In early May, house flippers Aubin Crowell and Liza Temple were standing firm on the $789,000 price tag of their Echo Park bungalow despite the lack of a single offer after a few weeks on the market. "We are going to definitely wait a few more weeks before doing anything," Temple said of the Echo Park Avenue house flip being followed by The Eastsider. At the end of May, Crowell and Temple blinked. They reduced the asking price on 1878 Echo Park Avenue to $775,000 and, soon after, a serious buyer emerged. "We generated a lot of new interest with the price cut and received an offer shortly after, " Temple said. "We are now in escrow."
If this escrow concludes in a final sale, what kind of profit will Crowell and Temple walk away from a project that began in April of last year? As they said earlier, it's hard to make a living by house-flipping alone these days. They paid about $535,000 for the Echo Park Avenue house. If their offer came in at the $775,000 asking price, they made a profit of about $240,000. But that profit will be sharply reduced once you take into account the money they poured into the extensive renovation, more than a year of mortgage payments and other costs.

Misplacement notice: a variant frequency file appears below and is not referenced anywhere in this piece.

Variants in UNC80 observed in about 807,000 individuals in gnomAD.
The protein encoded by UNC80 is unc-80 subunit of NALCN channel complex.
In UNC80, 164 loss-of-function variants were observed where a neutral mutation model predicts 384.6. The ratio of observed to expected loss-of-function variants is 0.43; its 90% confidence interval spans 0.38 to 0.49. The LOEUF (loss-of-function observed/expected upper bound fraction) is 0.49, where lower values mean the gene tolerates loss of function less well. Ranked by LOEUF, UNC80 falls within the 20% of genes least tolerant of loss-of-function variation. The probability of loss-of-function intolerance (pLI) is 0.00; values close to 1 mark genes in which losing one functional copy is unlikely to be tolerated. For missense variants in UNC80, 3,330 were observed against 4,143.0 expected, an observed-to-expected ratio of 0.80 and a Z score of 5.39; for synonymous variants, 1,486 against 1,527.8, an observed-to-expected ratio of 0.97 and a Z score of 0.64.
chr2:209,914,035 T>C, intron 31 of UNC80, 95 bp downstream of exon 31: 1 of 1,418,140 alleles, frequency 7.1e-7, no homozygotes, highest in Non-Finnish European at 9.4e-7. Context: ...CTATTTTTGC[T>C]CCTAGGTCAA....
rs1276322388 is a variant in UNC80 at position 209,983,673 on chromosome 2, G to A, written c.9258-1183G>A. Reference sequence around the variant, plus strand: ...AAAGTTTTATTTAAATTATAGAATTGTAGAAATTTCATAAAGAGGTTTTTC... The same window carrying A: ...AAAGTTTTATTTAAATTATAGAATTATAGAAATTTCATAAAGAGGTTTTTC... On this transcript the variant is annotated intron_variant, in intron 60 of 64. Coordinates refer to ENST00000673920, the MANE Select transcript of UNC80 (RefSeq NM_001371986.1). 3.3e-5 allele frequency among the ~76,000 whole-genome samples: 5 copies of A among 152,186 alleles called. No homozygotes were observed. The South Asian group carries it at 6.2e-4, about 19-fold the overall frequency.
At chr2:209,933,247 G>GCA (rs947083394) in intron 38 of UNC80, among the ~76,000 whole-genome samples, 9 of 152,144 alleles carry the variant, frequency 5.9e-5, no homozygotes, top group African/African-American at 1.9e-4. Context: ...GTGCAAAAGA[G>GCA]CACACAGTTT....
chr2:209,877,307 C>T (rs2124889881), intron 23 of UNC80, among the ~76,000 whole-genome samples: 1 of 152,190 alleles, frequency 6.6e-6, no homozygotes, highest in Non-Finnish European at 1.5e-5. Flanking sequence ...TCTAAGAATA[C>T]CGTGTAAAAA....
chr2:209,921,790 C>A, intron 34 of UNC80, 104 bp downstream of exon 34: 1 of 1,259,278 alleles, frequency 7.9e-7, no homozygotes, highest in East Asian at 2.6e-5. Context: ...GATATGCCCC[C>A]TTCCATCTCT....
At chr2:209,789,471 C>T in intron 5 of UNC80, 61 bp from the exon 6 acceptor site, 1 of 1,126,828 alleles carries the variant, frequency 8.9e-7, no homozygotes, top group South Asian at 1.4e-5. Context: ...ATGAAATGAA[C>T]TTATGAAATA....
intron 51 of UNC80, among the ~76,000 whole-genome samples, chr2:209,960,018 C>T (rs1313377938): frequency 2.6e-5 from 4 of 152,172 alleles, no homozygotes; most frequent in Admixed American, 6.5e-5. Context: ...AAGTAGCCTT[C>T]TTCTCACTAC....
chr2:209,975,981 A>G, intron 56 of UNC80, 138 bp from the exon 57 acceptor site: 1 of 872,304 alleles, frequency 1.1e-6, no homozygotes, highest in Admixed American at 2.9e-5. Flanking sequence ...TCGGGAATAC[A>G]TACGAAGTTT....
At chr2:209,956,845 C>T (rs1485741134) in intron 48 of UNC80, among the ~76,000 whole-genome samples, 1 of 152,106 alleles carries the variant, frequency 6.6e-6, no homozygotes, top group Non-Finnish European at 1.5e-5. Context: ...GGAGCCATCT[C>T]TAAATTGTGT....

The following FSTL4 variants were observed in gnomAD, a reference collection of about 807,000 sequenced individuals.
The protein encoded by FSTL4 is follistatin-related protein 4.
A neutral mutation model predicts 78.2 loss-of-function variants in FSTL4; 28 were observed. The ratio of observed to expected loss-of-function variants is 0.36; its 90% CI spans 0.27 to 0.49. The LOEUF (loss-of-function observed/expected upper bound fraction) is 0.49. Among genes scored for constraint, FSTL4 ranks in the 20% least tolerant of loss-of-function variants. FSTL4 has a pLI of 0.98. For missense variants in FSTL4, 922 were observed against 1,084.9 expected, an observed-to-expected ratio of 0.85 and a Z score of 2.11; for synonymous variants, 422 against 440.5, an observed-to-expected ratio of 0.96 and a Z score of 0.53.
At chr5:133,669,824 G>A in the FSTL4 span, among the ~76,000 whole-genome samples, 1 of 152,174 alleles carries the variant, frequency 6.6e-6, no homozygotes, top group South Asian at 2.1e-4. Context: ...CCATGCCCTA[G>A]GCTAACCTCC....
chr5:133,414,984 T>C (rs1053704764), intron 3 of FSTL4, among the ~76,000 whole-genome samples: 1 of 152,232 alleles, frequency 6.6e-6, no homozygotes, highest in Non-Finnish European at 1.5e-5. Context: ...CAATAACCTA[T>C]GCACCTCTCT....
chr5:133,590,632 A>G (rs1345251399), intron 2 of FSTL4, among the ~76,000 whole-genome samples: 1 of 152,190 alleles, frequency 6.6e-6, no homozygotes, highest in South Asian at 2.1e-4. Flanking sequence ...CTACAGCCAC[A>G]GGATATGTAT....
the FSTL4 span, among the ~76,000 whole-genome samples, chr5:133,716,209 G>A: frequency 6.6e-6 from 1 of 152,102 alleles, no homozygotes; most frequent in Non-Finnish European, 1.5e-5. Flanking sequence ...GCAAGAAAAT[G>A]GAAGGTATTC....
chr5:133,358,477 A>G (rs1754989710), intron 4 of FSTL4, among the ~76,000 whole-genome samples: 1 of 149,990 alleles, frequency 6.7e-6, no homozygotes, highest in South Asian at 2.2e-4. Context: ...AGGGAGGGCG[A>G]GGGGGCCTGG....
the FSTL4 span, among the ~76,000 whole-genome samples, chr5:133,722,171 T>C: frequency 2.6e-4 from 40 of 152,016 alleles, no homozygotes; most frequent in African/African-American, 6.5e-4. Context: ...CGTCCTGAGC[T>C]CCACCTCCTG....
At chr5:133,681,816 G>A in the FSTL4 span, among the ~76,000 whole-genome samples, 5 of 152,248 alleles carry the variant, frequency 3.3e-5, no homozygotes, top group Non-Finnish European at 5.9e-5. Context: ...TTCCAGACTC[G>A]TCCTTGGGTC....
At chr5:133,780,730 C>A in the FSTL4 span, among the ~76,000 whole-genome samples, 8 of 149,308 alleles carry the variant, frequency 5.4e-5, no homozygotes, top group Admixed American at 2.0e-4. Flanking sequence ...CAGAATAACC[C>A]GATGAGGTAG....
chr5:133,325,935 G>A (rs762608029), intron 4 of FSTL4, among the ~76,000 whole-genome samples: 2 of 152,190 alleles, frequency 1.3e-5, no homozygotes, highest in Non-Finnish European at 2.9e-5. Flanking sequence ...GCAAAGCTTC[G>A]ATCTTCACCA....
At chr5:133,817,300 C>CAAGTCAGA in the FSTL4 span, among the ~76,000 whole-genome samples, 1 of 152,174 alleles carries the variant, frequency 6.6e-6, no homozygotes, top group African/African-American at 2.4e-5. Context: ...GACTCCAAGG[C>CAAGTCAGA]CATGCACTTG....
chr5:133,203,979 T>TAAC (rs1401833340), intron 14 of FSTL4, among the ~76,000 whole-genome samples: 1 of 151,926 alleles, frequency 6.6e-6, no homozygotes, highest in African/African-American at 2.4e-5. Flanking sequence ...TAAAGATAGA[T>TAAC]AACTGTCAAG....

Is what's left over worth the time and effort Crowell and Temple put into the project? We will see once the deal closes.